Orson Welles was tempted to take a final puff. Too late. Cue music: Opus 31 of Le Rouet d'Omphale. Then came canned cackling before a sneering voice asked the radio audience: “Who knows what evil lurks in the hearts of men?” Another cackle. “The Shadow knows.”
In fact he didn’t. He didn’t even know what came next in the script. Arriving as usual with a few minutes to spare, 23-year-old Welles had put down his cigarette, picked up the sheets of paper for the first time and nodded at the producer whose facial twitch was worsening.
Standing at a microphone in the centre of the studio, the other actors formed a tight semi-circle, shoulders almost touching, all in character except Welles. His Lamont Cranston role could wait. He was staring past Shrevvy, Cliff, Dr Sayre and Slade Farrow to take in Margo Lane. Her smouldering bedroom eyes could burn down a city block, Welles decided.
The play began. As Cranston, a wealthy man about town, Welles affected a fruity accent contrasting with the tough guy tone of Cranston's crime-fighting alter ego The Shadow. Welles’ performance was delicatessen-grade ham.
Margo, The Shadow’s socialite sidekick, dipped in and out of the storyline. The other characters also grasped a few moments of airtime before The Shadow returned to the microphone.
Thirty minutes later, somewhere in-between being reassured The Shadow knew and the final advertisement for Blue Coal (“Save and be safe with Blue Coal”), the hero solved the mystery of who’d been planting bombs around New York.
Out of her Margo Lane character, Margot Stevenson shook her head at Welles. “Late, always late, Orson. It’s hard to tell if you’re a naughty boy or a spoiled brat.”
“The former sounds more fun. Speaking of which, how …?”
Margot turned away, a “Goodnight” hanging in the air between them.
Manhattan was fixing itself an evening cocktail. Welles didn’t need a drink. He was hungry – again.
Jonah’s counter was crowded. Sliding into a booth by the window, Welles looked out at two bums arguing in the middle of the narrow street.
The quality of the air in the diner improved abruptly, the aroma of shift workers and fried fat replaced by something more fragrant. Glancing up, he hoped it was Margot. It wasn’t.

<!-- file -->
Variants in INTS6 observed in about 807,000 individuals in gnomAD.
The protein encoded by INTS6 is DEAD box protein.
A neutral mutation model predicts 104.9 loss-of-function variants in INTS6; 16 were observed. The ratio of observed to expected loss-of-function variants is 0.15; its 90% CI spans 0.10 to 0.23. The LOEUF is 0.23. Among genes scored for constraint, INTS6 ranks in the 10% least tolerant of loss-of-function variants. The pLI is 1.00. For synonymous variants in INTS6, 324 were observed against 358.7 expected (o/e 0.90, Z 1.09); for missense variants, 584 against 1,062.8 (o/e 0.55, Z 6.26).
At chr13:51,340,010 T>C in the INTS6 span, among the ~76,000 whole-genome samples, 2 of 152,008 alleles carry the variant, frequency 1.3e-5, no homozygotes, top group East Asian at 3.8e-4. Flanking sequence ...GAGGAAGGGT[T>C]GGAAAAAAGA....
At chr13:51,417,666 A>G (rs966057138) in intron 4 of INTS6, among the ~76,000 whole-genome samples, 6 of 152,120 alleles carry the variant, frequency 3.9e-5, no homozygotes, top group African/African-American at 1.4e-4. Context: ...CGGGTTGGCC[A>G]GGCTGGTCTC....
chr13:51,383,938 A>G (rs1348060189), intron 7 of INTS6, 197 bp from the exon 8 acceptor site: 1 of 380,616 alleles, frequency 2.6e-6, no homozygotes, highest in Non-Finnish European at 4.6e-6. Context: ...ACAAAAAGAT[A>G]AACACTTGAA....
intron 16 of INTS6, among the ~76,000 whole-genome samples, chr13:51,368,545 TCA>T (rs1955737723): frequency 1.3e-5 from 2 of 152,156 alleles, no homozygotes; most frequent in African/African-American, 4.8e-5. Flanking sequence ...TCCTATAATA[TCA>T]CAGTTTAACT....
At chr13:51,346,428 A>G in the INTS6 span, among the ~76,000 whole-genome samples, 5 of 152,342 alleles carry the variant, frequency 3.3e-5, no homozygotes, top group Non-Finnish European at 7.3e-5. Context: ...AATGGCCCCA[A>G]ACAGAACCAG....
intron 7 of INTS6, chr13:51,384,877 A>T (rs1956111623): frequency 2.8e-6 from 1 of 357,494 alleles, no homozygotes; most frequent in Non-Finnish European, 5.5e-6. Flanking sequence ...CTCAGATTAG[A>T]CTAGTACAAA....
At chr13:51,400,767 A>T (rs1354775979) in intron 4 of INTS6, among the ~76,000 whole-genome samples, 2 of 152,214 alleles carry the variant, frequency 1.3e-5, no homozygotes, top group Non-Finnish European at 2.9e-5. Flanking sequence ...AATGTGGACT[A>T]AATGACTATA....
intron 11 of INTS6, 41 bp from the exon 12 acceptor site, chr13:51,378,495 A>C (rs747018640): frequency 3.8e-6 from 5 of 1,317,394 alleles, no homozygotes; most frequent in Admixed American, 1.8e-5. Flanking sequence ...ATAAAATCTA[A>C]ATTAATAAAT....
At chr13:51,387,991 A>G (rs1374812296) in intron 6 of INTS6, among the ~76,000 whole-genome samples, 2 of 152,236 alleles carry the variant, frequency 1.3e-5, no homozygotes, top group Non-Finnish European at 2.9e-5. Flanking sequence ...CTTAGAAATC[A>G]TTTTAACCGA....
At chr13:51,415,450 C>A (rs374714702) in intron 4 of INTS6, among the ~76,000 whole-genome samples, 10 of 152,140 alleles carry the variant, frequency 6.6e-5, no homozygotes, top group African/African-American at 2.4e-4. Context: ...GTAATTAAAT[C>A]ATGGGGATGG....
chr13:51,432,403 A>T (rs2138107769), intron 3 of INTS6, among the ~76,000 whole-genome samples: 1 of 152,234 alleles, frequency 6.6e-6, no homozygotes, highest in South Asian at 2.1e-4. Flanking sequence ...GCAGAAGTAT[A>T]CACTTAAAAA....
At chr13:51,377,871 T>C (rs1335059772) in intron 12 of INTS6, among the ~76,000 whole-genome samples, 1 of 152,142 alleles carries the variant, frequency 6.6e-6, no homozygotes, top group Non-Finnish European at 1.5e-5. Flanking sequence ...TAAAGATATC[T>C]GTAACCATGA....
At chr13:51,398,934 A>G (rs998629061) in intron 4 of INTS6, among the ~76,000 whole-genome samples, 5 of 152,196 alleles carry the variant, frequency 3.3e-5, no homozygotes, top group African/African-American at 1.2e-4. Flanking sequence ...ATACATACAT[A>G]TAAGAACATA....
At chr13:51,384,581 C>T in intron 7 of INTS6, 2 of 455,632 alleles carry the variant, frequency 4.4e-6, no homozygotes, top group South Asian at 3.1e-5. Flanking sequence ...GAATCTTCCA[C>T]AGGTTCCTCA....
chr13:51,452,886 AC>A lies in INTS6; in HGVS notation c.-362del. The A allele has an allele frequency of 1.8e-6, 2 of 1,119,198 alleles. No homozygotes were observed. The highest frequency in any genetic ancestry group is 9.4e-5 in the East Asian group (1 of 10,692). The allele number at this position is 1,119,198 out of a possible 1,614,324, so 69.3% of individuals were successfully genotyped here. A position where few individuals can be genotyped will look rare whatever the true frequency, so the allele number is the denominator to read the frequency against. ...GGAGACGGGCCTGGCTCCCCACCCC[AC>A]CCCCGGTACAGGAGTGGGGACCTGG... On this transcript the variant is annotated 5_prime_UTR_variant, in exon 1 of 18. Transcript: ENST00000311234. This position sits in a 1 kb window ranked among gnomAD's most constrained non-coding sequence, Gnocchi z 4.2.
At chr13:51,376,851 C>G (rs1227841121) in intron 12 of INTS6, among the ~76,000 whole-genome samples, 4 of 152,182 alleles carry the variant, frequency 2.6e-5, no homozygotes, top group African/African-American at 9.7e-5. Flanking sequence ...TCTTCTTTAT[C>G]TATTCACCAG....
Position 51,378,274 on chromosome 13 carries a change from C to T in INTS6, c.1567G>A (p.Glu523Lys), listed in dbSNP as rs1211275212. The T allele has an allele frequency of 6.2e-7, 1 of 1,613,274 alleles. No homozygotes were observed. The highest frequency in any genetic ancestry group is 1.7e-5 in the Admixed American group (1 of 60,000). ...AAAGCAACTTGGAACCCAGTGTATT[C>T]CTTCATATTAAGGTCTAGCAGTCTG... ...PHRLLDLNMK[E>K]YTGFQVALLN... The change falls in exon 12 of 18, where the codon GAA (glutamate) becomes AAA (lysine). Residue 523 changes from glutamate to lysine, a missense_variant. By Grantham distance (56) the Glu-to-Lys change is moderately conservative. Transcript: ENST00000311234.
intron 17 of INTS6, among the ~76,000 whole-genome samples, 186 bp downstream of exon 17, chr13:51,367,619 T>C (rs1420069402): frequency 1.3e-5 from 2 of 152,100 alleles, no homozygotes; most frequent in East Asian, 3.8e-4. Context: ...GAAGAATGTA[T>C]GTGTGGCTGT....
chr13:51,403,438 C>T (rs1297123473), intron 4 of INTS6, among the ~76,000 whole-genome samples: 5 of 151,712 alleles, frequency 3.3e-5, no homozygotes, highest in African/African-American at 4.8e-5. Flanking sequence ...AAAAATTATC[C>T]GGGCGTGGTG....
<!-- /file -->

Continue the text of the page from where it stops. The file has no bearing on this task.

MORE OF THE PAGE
The woman was standing so close to the booth that her perfume invaded his senses, throwing him off guard. She had blonde hair in a sleek pageboy cut, pressed down by a small navy blue hat.
Leaning forward, she hissed: “The Shadow knows.”
A tap on the window. Turning, Orson saw it was one of the tramps. He swung back. The woman was gone. Then so was the tramp. What remained was a white envelope on the edge of the booth table. He tore the flap open. Inside, a stiff white card had been pasted with letters cut from a newspaper: “Find me or Margo dies.”
Welles was on the pavement in seconds, swivelling his head. The blue hat was bouncing through the crowds, making for the subway entrance.
Down the stairs he trotted and into a carriage, its doors shutting behind him. A glance back at the platform. Blue hat was standing there, smiling at him. In the carriage, two men in dark coats, too warm for the weather, pushed past Welles. Opening the storm door at the end the carriage, they made the risky steps into next section.
Tilting his head, Welles could see the men talking to a woman. Even with her back to him, she appeared agitated. The train began slowing into the next station.
A minute later, Welles was tailing the trio into the street. A Cadillac town car drew up, doors bounced open and a black hood was swung over the woman’s head. Her face turned in time for Welles to recognise Margot. Hero or not, he sprinted down the sidewalk, slapping his palms on the boot as the car took off.
"Need help, bud?” The patrol car was kerb-crawling, matching Welles’ sagging pace. Passenger side window down, the two policemen didn’t look like helpful men.
Welles’s summary of events earned him an invitation to the back seat. Siren on, the car barrelled through the traffic. Welles spotted the Cadillac sliding into an alley. Siren off, the patrol car came to a halt behind the parked Cadillac.
Bent almost double, Welles followed the two police officers up a darkened staircase. The lead officer used the butt of his revolver to bang on a door. “Police!”
The door edged open. A police boot kicked it hard. Welles tumbled through after the officers.
Standing in a tight semi-circle, the cast of The Shadow was waiting.
Margot Stevenson held out a script. “Next week’s storyline, Orson. You’ll note I’m kidnapped. We decided if you wouldn’t rehearse, we’d force you to.”
"All actors?” Welles asked. He didn’t wait for the answer, holding up his hands he said: “Guilty as charged. I surrender.”
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Copyright © 2014 GREG FLYNN